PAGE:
Quimper, France, c. 1982: The Bouroullec brothers’ first collaboration is launched into the world. It is a football goal frame, produced over a weekend while their parents are away. “We started with a plank of wood, and then set to nailing it—but we didn’t have the right nails; the wood was too hard,” says Erwan Bouroullec. He was perhaps six at the time; his brother, Ronan, who dreamed of becoming a professional footballer, maybe 11. They’ve figured out a few things since then.A guest feature by Freunde von Freunden.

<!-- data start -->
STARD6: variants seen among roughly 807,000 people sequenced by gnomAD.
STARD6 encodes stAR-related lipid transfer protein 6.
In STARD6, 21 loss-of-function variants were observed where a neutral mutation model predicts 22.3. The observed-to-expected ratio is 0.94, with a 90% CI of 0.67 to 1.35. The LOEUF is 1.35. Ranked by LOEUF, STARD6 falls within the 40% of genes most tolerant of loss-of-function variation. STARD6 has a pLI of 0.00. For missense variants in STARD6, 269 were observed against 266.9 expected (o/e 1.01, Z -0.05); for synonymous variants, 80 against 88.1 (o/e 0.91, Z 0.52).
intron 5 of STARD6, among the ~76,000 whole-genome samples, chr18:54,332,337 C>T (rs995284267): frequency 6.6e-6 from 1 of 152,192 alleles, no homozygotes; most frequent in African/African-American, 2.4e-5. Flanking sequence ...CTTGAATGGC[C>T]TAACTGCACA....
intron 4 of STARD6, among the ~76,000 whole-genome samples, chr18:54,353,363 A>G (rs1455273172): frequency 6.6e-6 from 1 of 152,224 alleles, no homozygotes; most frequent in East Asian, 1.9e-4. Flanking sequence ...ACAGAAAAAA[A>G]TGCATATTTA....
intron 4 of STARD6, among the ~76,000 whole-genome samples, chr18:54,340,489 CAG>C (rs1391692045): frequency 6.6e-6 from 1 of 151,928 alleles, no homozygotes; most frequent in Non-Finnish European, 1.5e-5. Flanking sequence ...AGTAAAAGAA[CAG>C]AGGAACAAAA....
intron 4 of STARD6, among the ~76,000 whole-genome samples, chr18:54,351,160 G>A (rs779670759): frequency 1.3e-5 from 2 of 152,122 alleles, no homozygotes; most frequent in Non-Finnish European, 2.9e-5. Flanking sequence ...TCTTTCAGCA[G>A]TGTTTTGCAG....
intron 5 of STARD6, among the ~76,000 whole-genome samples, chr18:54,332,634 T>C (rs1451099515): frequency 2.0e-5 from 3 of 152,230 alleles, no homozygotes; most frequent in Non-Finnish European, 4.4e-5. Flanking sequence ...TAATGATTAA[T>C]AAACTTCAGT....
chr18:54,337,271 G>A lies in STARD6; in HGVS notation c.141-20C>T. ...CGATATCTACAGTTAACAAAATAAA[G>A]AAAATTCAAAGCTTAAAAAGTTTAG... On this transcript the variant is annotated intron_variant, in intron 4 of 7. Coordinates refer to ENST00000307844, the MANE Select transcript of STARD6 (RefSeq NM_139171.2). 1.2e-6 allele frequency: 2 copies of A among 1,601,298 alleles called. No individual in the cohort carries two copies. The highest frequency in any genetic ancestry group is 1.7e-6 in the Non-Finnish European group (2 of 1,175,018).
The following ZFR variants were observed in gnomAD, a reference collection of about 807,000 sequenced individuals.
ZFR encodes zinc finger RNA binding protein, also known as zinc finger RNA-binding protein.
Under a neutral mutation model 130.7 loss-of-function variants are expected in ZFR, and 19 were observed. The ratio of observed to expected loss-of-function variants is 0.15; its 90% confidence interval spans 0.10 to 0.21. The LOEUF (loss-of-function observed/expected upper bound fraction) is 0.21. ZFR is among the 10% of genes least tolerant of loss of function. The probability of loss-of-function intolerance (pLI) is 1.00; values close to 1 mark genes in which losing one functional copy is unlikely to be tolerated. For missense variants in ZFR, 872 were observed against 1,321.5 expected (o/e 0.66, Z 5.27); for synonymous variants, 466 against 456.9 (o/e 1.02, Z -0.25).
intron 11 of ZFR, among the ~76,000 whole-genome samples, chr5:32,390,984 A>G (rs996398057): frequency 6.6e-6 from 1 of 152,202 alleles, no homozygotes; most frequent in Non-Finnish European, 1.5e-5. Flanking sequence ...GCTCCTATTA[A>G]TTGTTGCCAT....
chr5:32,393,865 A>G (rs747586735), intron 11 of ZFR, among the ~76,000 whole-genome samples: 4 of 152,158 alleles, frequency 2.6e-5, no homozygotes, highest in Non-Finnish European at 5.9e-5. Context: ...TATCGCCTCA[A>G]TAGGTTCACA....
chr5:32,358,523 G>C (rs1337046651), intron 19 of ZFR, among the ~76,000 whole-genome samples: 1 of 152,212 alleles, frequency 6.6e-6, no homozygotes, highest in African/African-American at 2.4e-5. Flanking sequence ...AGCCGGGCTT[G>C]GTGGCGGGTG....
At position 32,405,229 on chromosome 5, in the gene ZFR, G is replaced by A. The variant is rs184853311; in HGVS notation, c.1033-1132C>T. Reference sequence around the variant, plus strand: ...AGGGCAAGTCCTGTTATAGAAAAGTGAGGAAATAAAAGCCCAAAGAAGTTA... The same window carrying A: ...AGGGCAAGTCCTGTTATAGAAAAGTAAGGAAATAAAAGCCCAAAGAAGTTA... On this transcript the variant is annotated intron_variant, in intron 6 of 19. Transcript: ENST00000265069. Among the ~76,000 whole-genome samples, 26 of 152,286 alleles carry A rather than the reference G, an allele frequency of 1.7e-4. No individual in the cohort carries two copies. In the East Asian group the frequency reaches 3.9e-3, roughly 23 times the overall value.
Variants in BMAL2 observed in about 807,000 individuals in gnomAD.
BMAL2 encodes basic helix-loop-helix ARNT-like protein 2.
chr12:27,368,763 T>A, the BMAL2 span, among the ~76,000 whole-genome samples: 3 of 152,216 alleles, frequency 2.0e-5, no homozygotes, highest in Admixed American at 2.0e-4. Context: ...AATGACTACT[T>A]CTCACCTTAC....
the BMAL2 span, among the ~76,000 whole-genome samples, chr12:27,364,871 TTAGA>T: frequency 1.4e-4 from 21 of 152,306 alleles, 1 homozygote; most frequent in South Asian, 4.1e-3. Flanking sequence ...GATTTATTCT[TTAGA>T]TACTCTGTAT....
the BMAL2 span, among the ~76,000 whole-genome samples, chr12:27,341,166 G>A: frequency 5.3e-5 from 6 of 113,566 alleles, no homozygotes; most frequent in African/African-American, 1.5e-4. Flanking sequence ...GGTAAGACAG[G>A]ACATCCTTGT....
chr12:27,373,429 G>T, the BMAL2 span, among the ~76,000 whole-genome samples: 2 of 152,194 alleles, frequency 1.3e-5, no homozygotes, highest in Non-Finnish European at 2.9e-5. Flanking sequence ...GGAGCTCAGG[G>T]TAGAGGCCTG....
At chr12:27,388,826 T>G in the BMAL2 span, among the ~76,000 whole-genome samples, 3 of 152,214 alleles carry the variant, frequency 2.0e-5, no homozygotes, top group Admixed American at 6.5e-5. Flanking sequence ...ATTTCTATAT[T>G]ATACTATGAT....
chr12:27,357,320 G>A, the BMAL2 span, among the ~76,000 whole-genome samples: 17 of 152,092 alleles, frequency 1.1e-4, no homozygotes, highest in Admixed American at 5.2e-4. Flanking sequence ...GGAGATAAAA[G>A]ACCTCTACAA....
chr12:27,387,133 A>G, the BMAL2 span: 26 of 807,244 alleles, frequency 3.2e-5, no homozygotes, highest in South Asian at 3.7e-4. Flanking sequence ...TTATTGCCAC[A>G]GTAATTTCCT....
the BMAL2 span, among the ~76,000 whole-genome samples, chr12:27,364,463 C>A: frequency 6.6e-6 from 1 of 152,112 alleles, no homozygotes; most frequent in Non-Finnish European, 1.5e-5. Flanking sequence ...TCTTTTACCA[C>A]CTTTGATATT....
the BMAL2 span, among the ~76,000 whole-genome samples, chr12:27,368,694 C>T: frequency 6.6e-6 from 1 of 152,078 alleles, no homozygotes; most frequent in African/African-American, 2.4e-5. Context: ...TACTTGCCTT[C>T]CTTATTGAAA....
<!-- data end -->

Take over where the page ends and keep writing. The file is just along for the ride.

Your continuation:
Erwan und Ronan Bouroullec's studio is midway along a notably undramatic street in northeastern Paris, a few minutes’ walk from the Place de la République. Inside, the three level space hums with activity; it is part office, laboratory, library, wood shop, and archive, with examples of the greatest hits from two decades of collaboration with brands like Vitra, Cappellini, and Samsung, mixed in with the tools of the trade: an antique sewing machine, power tools, a 3D printer. The harmony of their portfolio belies—and perhaps capitalizes upon—two different approaches to the primacy of design. A quartet of exhibitions covering a huge range of work—from product design to urban planning—is on view in Rennes, the administrative and cultural capital of their Breton homeland, through late August; here, they (separately) discuss the ongoing tension between mass versus craft, the problems with a 100€ spoon, and why they never formed a band.